I have way more photos and even videos of this little creature in case it is needed.
Signature: David Chavarín Flores

Aphid Wolf

Aphid Wolf

Dear David,
These are larval Lacewings, important predatory insects, along with Lady Beetles, in controlling Aphids and other pests that plague gardeners and farmers.  Lacewing Larvae are often called Aphid Wolves.  While we do not have the necessary skills to distinguish one species of Lacewing Larva from another, it seems that your images represent two different species.

Lacewing Larva

Lacewing Larva

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Subject: strange bug
Location: Frederick, MD
May 27, 2014 12:25 am
This big looks like a cross between a stink bug and a potato bug. It’s about the size of a stink bug, and was found in Frederick, MD.
Signature: MARIANNE

Antlion Larva

Antlion Larva

Dear Marianne,
This is the larva of an Antlion, or perhaps of some other Neuropteran, like an Owlfly.  Most Antlion Larvae are sedentary hunters that dig a pit in sandy soil, waiting at the bottom for any prey, ant or otherwise, that stumbles into the pit, falling into the ready mandibles.  Those Antlion Larvae are frequently called Doodlebugs.  Some species of Antlions might have more mobile larvae that hunt.  Your inquiry did not clarify where the larva was found.  Here is a similar looking Antlion Larva that is pictured on BugGuide.

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Subject: Flying harmless thing on my balcony
Location: South – eastern Attica, Greece
May 16, 2014 9:57 am
I have seen many of those things flying around the countryside, but I was always wondering what exactly is that thing. To me as a kid, it was a hybrid of butterfly and mosquito(haha), but when I grew up I realise that this is not possible, so I came up with an other idea. I suspect that this is a kind of “liveloula” (dragonfly).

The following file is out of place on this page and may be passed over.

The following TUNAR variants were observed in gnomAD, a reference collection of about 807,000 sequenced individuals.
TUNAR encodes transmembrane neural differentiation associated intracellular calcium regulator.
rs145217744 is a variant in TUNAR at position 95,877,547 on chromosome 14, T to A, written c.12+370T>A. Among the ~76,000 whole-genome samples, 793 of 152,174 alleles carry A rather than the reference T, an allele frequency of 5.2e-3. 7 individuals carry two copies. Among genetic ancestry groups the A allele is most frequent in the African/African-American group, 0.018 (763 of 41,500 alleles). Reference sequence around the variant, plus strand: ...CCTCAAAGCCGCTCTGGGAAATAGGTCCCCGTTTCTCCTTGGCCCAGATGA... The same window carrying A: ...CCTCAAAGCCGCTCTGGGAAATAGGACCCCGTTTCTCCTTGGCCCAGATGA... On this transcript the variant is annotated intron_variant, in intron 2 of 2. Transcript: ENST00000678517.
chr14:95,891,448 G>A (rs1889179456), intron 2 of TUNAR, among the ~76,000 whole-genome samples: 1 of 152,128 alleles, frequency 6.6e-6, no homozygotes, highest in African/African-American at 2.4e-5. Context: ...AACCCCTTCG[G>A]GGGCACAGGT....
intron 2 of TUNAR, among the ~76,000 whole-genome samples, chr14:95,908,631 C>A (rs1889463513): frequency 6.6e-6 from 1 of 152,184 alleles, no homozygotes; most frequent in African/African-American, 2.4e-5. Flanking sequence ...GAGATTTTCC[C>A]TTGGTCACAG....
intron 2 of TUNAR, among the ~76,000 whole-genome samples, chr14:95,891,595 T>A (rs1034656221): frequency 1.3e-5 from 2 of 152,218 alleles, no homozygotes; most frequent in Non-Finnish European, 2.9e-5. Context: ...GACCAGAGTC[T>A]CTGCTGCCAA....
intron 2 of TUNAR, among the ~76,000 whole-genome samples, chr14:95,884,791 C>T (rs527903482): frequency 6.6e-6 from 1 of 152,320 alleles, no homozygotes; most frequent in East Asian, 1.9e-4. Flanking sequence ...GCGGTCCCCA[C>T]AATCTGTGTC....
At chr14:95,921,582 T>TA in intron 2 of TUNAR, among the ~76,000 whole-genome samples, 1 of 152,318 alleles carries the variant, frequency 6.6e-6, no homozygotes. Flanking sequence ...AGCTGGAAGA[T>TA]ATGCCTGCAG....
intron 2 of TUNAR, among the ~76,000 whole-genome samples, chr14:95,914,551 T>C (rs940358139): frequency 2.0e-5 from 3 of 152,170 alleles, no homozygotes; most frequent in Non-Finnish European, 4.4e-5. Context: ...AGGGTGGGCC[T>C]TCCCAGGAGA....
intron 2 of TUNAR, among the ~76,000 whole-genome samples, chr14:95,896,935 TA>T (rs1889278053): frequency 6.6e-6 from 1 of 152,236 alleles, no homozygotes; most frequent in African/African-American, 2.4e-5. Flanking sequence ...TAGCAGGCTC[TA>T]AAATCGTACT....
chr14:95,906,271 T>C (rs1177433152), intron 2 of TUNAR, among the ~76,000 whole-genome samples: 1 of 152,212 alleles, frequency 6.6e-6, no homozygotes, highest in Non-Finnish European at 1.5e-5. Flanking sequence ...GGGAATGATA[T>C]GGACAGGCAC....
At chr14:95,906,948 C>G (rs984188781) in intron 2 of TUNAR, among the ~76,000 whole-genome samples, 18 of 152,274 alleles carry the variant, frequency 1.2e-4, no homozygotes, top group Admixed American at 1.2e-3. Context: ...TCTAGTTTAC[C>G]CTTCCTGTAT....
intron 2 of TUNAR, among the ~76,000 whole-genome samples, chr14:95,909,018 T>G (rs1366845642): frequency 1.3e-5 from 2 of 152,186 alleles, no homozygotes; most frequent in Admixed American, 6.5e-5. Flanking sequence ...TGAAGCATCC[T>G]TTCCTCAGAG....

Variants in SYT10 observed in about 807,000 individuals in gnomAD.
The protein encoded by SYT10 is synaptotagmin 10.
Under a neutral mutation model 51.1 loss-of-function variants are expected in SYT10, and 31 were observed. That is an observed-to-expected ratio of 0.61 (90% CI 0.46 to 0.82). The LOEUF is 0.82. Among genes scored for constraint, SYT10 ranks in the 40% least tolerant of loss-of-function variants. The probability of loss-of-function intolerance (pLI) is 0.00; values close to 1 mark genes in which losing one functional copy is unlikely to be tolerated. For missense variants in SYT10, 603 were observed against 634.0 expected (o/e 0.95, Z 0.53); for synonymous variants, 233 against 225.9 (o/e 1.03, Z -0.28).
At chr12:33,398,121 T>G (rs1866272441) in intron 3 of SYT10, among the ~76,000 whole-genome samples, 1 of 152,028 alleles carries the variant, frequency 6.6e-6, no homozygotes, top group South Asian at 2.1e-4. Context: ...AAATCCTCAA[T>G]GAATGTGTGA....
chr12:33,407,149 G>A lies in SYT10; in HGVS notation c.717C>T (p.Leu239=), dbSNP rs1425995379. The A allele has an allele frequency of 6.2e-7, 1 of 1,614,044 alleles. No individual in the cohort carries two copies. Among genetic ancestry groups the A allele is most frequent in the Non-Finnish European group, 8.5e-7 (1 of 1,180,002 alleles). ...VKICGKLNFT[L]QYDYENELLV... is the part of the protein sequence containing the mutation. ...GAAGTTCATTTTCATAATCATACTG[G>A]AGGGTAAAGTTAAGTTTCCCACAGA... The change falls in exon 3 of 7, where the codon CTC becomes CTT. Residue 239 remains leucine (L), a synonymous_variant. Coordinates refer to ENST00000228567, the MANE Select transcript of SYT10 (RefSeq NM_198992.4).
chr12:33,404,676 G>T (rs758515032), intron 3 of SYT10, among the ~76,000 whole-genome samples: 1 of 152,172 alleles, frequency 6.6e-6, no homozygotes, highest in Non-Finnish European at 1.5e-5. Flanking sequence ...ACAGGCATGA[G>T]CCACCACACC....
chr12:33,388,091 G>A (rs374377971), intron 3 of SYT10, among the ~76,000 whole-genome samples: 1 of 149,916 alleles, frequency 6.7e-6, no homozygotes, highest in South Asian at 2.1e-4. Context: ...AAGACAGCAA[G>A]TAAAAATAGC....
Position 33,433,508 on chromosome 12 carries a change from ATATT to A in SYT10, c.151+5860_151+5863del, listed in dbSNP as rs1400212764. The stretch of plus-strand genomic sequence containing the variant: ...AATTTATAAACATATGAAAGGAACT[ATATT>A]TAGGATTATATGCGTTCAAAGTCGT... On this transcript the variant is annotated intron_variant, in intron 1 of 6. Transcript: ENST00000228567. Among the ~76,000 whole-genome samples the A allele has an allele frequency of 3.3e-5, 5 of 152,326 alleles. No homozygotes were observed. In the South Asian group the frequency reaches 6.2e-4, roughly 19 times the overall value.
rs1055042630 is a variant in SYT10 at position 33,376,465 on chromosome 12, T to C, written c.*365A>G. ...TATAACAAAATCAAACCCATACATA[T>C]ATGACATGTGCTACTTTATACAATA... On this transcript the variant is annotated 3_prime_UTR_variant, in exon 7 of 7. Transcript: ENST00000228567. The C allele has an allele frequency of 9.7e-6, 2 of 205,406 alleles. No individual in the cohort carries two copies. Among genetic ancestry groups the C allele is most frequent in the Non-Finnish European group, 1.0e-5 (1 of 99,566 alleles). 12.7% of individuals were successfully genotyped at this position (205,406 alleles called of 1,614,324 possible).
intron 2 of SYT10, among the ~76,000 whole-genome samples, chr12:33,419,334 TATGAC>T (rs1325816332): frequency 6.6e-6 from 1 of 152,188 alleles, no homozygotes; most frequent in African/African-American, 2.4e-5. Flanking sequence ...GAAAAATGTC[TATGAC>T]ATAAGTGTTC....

Signature: I do not understand that question. By the person who will find out what that thing is….

Spoonwing Lacewing

Spoonwing Lacewing

This unusual creature is a Spoonwing Lacewing, possibly Nemoptera bipennis.  Your individual is missing one of its distinctive tails.Hello Daniel,

Thank you very much for your reply. I really appreciate it. Unfortunately this little guy died during the night, for unknown reasons, but at least now I know the name of this beautiful insect. I am sorry about the missing wing/tail I forgot to mention about it, but you figured it out anyway…
Best regards,
Anastasios

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Subject: what is this bug
Location: Tucson, AZ
May 8, 2014 2:07 pm
I’m sitting sitting down just playing on my phone, when I felt this bug crawling on my leg. when I grab it off my leg it felt like it tried to bite me. I tried to take a picture of it, but my camera phone couldn’t zoom in close enough. So I got the best possible picture I could. Help please. I hate not knowing what things are.
Signature: Michael

Aphid Lion

Aphid Lion

Hi Michael,
This is the beneficial larva of a Lacewing, commonly called an Aphid Lion or Aphid Wolf because of the vast quantity of the plant pests a single Aphid Lion can consume.  More interesting information is available on the ACES News website, including “The green lacewing larvae, or aphid lions, have hooked jaws protruding from their heads, making them look more like miniature alligators than lions. As soon they hatch, they begin eating, injecting enzymes into their prey that digest the internal organs. They then suck out the liquidated body fluids. The larvae will eat spider mites, small caterpillars, thrips, mealy bugs, whitefly, and other soft-bodied invertebrates.  Aphid lions will eat for 1 to 2 weeks before pupating in white, round, silken cocoons on concealed parts of the plant. Adult green lacewings emerge and live for 2 to 3 months. Depending on the genus, the insects overwinter in bark crevices or protected locations either as adults or in the pre-pupae stage. They emerge next spring when flowers appear. Depending on temperature and weather, there can be one to four generations per year.”

What's That Bug? does not endorse extermination